The patient, a 27-year-old man, was a diagnosed case of Refractory Hodgkin's Lymphoma Stage IVB who had undergone three different chemotherapy regimes on different occasions. As he continued to suffer from the disease, a bone marrow transplant was planned. He was referred to our Center for placement of Hickman's catheter. A Hickman's catheter was placed in the right subclavian vein under general anesthesia using classical Seldinger technique. However, postoperative check X-ray indicated that the catheter traversed the right innominate vein and malpositioned into the left subclavian vein instead of SVC, as expected [Figure 2]a. The patient was taken up for fluoroscopic-guided repositioning of the catheter the next day. Under local anesthesia, venous access was gained via right transfemoral venous route and a 6 Fr sheath was placed in the right common femoral vein. Through this sheath, the 0.035" PTFE guide wire was inserted into the IVC and up to right IJV and the 5 Fr Sims angiographic catheter threaded over it [Figure 2]b. Subsequently, the Hickman catheter was hooked with the curve of the Sims catheter. A gentle constant tug to Sims catheter attempted to pull the Hickman catheter tip down but failed as the Sims catheter tip straightened out and the traction was lost [Figure 2]c. A third attempt at hooking the Hickman catheter was successful and the catheter was repositioned in the SVC [Figure 2]d.
| > Discussion|| |
Insertion of Ports, Groshong or Hickman catheters is a fairly routine practice in Oncology to provide a permanent central venous access for infusional chemotherapy, parenteral nutrition, or hemopoietic stem cell transplantation. Though radiological guidance in placing the CVAD has been demonstrated to result in smaller incidence of catheter malpositions, majority of the procedures are done by Seldinger technique using anatomical landmarks.  While some authors opine that clinical use of malpositioned catheters is associated with a few complications,  others argue that improper catheter tip position increases the risk of venous thrombosis and related complications. , Moreover, if these catheters are not central venously located, the therapy may be painful and affect the non-central vein. The risk of catheter or vascular thrombosis is also higher, especially if the catheter tip is oriented against the venous blood flow.  Hence the displaced catheter either has to be removed and then re-inserted, or repositioned. Removal and reinsertion of the CVAD would entail another major procedure and its inherent risk in potentially immunocompromised patients, hence repositioning of the same CVAD would appear to be a more attractive option.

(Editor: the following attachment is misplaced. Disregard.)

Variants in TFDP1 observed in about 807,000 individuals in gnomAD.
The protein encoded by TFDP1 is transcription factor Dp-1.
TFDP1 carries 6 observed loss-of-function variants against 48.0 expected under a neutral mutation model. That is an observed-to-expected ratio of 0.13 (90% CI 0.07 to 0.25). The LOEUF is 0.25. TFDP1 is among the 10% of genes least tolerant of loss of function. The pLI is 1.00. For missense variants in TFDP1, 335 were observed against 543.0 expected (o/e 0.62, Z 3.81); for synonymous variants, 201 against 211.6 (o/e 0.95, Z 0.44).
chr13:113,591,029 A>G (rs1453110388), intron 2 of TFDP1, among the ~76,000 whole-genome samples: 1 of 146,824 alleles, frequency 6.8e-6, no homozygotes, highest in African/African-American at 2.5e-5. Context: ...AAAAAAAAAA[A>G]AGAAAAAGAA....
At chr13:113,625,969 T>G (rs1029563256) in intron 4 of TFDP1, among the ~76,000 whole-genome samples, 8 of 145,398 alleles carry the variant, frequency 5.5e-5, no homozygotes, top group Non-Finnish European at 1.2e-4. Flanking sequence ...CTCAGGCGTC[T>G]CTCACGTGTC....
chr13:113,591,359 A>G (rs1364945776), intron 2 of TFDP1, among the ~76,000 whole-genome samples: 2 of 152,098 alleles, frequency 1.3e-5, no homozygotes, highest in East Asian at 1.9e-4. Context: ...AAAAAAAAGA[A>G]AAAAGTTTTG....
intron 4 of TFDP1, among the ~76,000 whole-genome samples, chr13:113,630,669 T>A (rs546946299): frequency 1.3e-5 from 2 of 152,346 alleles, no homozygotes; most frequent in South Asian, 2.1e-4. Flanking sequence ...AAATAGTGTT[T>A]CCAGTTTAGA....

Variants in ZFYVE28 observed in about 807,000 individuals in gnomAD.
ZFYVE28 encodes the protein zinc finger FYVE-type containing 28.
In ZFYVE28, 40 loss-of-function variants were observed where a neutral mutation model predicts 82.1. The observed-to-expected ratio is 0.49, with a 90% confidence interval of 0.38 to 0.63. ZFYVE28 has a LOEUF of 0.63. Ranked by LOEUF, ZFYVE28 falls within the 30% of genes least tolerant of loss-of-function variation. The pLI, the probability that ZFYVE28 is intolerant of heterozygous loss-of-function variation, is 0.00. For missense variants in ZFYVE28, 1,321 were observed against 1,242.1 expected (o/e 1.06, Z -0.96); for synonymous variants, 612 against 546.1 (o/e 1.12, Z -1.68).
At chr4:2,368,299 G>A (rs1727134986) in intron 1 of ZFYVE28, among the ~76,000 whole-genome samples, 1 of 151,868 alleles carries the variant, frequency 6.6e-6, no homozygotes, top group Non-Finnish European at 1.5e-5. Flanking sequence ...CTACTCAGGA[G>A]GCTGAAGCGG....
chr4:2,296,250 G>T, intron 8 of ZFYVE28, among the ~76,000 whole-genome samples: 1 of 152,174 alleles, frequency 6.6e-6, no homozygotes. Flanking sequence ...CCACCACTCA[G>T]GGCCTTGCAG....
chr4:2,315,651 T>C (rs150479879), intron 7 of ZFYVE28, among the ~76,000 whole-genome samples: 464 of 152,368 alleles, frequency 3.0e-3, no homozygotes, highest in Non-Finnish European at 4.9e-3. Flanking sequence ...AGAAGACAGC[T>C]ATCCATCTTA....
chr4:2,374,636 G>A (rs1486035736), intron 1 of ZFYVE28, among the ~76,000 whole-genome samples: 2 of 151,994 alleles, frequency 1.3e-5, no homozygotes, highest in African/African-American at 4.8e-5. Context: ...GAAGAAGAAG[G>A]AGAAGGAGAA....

Percutaneous transfemoral approach offers a minimally invasive option for repositioning of the malpositioned catheter. The procedure has previously been described in literature using vascular snare wire  and pigtail catheters.  In both our cases, we utilized the 5 Fr Sims angiographic catheter guided over the PTFE wire with successful outcome [Figure 3]. The angiographic catheter is soft and malleable enough so as not to damage the chemoport and the PTFE guide wire provides the necessary torque and stiffness to the angiographic catheter so as to allow the "hook" of the angiographic catheter to apply necessary traction.
Direct manipulation by tip-deflecting wires  and injection of saline  are other minimally invasive techniques described. The authors have no direct experience with the said techniques but it has been suggested that increased risk of infections is the drawback of direct manipulation by tip deflecting guide-wire and that vigorous injection of saline may be unsuccessful for the reasons that it seldom exerts sufficient force to reposition large-caliber central venous catheters. 
The transfemoral approach described has inherent advantages such as it avoids a second surgery, decreases the patient's discomfort and can be done as a daycare procedure. Its limitation is that it requires a skilled operator and specialized angiographic suite to be carried out, which may not be universally available. Nevertheless, percutaneous transfemoral approach is a quick and convenient method to reposition the catheter tip in cases of malpositioned catheter tips in CAVDs such as chemo ports and Hickman's catheters.
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[Figure 1], [Figure 2], [Figure 3]